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Growbag Blog

Who doesn’t love a hardy geranium?

There is simply nothing as dependable as a hardy geranium! We’re talking here of the rugged, low-growing, outdoor types rather than their glamorous cousins, the pot plant pelargoniums.

Now is the perfect time to plant them. Or better still, put a quick spade through your neighbour’s and get a division for your own garden! You would have thought that this was a fairly safe subject for the three of us to let you know our favourite varieties, plus a few tips on growing them. But as usual it’s not long until the disagreements bubble up……….


Me first, and I reckon hardy geraniums (or ‘cranesbills’ as they are known – their seed pods resemble the cranes’ beaks) are great little garden plants. Adaptable, with pretty leaves, colourful blooms, and often a long flowering season – I adore them. With hundreds of different species and endless cultivars to choose from, it’s hard to whittle down my favourites but here goes:

Geranium ‘Rozanne’ – hard to have a discussion about hardy geraniums without mentioning the ‘Plant of the Century’ – blue-mauve flowers for months, and stunning when weaving through other plants – it’s rightly our feature picture above.

G. ‘Brookside’ is similar, and it’s a real corker!

Geranium ‘Brookside’ is a real stunner!

Geranium macrorrhizum ‘Ingwersen’s Variety’ – a rather furry-leaved low-growing variety for shady spots with small pink flowers and apple/menthol-scented foliage. There’s a covetable one called ‘Spessart’s White’.

Geranium ‘Ingwersens’ Variety’ – pretty flowers and scented foliage

Geranium pratense – the meadow cranesbills are taller and more airy. And, Caroline, they can stand up to -45 degrees, so you should be okay with them in the Highlands! G. pratense Southease Celestial‘ is a very beautiful but rare variety – Louise Sims has extolled its virtues in earlier piece – link is at the bottom. (It’s in her lovely book as well – A Plant for Each Week of the Year – find it in our online shop).

Geranium pratense ‘Southease Celestial’

I find the ones with double flowers don’t hang for more than two or three years, but the excellent Hardy Geranium Nursery says one of their best sellers is a pretty double-flowered white one in its catalogue called ‘Laura’ – I wonder if they realise how cold-hearted their namesake can be at times?


Gawd – did you notice that barbed little comment at the end there? It all started when I announced that I’d dug up and replaced all the geraniums from my front border for my latest horticultural crush, Benton Irises. I think Elaine’s comment was ‘fancy giving up a summer of flowers for two weeks of glory then 50 weeks of nothing’. But honestly no geraniums were harmed in the process, and all were successfully re-homed into supporting roles elsewhere in the garden.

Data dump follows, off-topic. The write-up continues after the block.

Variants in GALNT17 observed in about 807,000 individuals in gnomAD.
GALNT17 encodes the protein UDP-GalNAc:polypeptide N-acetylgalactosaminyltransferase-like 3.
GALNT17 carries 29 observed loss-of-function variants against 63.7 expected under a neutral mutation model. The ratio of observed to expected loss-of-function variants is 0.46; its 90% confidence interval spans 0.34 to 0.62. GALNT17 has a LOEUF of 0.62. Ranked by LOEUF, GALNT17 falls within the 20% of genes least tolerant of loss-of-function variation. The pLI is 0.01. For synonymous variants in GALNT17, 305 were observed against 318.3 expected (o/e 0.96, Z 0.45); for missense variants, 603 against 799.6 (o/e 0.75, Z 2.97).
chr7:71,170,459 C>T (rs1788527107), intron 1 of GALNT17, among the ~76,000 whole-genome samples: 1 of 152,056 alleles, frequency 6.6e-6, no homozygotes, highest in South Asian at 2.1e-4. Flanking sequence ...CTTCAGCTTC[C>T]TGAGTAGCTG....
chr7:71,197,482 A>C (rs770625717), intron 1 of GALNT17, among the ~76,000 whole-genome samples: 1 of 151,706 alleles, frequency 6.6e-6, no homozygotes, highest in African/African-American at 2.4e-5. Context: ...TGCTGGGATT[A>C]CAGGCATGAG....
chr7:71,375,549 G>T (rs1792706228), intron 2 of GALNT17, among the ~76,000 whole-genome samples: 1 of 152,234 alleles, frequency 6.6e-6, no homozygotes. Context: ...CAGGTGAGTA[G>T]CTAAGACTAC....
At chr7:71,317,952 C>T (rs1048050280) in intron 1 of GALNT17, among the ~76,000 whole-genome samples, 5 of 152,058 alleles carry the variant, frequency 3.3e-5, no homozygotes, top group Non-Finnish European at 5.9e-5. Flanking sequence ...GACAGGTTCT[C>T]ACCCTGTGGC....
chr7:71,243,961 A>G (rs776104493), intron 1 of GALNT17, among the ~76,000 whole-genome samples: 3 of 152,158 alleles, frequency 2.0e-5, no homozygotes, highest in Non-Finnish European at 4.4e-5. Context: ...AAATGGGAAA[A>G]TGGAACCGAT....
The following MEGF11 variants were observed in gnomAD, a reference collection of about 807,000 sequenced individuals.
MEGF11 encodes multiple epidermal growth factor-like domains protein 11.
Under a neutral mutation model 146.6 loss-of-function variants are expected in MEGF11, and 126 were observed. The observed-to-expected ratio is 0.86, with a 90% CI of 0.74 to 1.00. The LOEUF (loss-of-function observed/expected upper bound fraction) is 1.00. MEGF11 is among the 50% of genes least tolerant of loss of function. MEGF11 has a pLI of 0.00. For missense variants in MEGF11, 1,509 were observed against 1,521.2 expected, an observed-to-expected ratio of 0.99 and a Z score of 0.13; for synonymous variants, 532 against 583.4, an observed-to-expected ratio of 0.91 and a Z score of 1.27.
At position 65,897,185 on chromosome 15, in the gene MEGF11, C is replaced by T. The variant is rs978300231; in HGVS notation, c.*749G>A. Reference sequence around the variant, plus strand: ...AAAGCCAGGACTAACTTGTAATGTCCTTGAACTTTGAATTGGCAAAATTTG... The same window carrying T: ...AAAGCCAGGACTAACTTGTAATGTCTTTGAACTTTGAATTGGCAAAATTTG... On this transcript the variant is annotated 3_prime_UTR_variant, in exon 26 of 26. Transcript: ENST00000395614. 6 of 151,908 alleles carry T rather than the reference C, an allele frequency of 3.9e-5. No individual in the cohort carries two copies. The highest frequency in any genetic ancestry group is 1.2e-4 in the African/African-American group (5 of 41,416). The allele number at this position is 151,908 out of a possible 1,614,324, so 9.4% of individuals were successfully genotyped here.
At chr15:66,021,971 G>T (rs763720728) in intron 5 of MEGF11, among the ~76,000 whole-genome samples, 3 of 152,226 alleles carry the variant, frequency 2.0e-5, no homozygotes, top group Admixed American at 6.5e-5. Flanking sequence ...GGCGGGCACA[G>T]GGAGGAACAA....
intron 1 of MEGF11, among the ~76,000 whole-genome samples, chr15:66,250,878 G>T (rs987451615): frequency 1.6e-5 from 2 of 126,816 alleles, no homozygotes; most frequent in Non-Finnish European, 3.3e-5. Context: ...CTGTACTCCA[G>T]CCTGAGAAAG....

I generally consider geraniums to be fillers rather than front-of-house stars. (Ooh, and I may have accidentally used the word ‘monotonous’ to describe their flowering style – no wonder the old girl blew a fuse…..)

Benton iris rhizomes
Move over geraniums and make way for Benton Judith, Olive, Blue John, Primrose and Strathmore

But I do really admire geraniums, and am drawn to those who have adapted to fill otherwise awkward niches in the garden. My all-time favourite is the shade-loving Geranium phaeum, the mourning widow, or dusky cranesbill, rather sombre names for this gentle woodlander. It spreads into every shady nook and cranny, and throws up its subdued but classy deep purple flowers on tall stems in the spring. The bees go bonkers for them.

I grow the cultivar ‘Samobor’ which has striking markings on the leaves, whilst ‘Lily Lovell‘ has paler mauve flowers which can show up better than the very dark ones.

Geranium phaeum
Geranium phaeum, a classy shade loving geranium whose flowers have been described as having the colour of bruised plums

My second best geranium is another outlier (and is actually only hardy in the mildest of gardens, so there’ll be more grief from the sisterhood) but I love the drama of Geranium maderense. It takes a couple of years of cosseting to bring on its amazingly architectural frame, but it’s all worth it when it erupts into a massive dome of flowers that will literally stop you in your tracks.

Geranium maderense
This is the white form of G.maderense, with the buds opening to white flowers which fade to pink

If you can’t cope with cultural demands of G.maderense you could try the other Maderian geranium, G.palmatum, which is the same idea, but smaller and hardier. This is another geranium that Louise has previously written about in her column.

Geranium palmatum
A little more manageable than G. maderense, Geranium palmatum is still an impressive plant.


Tricky – I have a foot in both camps here. I find hardy geraniums very like school prefects – dependable, well-behaved and resilient (important this, currently minus 5 here in Scotland).